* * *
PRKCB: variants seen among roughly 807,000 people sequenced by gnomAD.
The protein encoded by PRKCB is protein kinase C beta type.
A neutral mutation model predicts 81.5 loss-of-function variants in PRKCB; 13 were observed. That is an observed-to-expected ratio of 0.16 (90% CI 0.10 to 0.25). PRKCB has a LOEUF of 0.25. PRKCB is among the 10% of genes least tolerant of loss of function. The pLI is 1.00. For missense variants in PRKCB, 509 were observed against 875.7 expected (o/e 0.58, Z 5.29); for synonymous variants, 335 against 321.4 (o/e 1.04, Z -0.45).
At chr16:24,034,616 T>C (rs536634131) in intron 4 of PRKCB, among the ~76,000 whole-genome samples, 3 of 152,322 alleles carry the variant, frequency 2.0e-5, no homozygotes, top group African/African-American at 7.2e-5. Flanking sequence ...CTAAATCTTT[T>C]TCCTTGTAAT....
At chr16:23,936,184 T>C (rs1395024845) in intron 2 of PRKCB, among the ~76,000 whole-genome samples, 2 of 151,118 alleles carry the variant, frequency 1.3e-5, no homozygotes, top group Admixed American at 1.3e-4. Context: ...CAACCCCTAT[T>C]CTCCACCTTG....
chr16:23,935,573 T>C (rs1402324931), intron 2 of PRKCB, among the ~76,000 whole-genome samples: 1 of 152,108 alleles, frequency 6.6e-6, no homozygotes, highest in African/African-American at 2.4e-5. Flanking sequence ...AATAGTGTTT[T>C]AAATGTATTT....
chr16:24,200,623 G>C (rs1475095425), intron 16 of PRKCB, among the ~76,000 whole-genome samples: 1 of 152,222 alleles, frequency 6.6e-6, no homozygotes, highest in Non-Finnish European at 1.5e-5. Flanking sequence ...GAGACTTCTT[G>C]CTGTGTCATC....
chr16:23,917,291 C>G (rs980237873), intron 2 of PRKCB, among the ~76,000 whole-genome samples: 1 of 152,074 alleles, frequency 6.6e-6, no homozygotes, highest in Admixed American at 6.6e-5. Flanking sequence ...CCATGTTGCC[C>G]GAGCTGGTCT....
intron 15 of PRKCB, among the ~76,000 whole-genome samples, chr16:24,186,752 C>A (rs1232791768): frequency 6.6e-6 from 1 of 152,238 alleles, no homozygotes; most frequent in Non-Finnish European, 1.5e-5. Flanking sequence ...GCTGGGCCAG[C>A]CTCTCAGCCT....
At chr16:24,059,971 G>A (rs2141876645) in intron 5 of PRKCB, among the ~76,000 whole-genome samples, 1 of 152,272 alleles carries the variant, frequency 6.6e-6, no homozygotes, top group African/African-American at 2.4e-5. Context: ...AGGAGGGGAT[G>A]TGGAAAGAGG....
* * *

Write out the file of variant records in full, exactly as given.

PRKCB: variants seen among roughly 807,000 people sequenced by gnomAD.
The protein encoded by PRKCB is protein kinase C beta type.
A neutral mutation model predicts 81.5 loss-of-function variants in PRKCB; 13 were observed. That is an observed-to-expected ratio of 0.16 (90% CI 0.10 to 0.25). PRKCB has a LOEUF of 0.25. PRKCB is among the 10% of genes least tolerant of loss of function. The pLI is 1.00. For missense variants in PRKCB, 509 were observed against 875.7 expected (o/e 0.58, Z 5.29); for synonymous variants, 335 against 321.4 (o/e 1.04, Z -0.45).
At chr16:24,034,616 T>C (rs536634131) in intron 4 of PRKCB, among the ~76,000 whole-genome samples, 3 of 152,322 alleles carry the variant, frequency 2.0e-5, no homozygotes, top group African/African-American at 7.2e-5. Flanking sequence ...CTAAATCTTT[T>C]TCCTTGTAAT....
At chr16:23,936,184 T>C (rs1395024845) in intron 2 of PRKCB, among the ~76,000 whole-genome samples, 2 of 151,118 alleles carry the variant, frequency 1.3e-5, no homozygotes, top group Admixed American at 1.3e-4. Context: ...CAACCCCTAT[T>C]CTCCACCTTG....
chr16:23,935,573 T>C (rs1402324931), intron 2 of PRKCB, among the ~76,000 whole-genome samples: 1 of 152,108 alleles, frequency 6.6e-6, no homozygotes, highest in African/African-American at 2.4e-5. Flanking sequence ...AATAGTGTTT[T>C]AAATGTATTT....
chr16:24,200,623 G>C (rs1475095425), intron 16 of PRKCB, among the ~76,000 whole-genome samples: 1 of 152,222 alleles, frequency 6.6e-6, no homozygotes, highest in Non-Finnish European at 1.5e-5. Flanking sequence ...GAGACTTCTT[G>C]CTGTGTCATC....
chr16:23,917,291 C>G (rs980237873), intron 2 of PRKCB, among the ~76,000 whole-genome samples: 1 of 152,074 alleles, frequency 6.6e-6, no homozygotes, highest in Admixed American at 6.6e-5. Flanking sequence ...CCATGTTGCC[C>G]GAGCTGGTCT....
intron 15 of PRKCB, among the ~76,000 whole-genome samples, chr16:24,186,752 C>A (rs1232791768): frequency 6.6e-6 from 1 of 152,238 alleles, no homozygotes; most frequent in Non-Finnish European, 1.5e-5. Flanking sequence ...GCTGGGCCAG[C>A]CTCTCAGCCT....
At chr16:24,059,971 G>A (rs2141876645) in intron 5 of PRKCB, among the ~76,000 whole-genome samples, 1 of 152,272 alleles carries the variant, frequency 6.6e-6, no homozygotes, top group African/African-American at 2.4e-5. Context: ...AGGAGGGGAT[G>A]TGGAAAGAGG....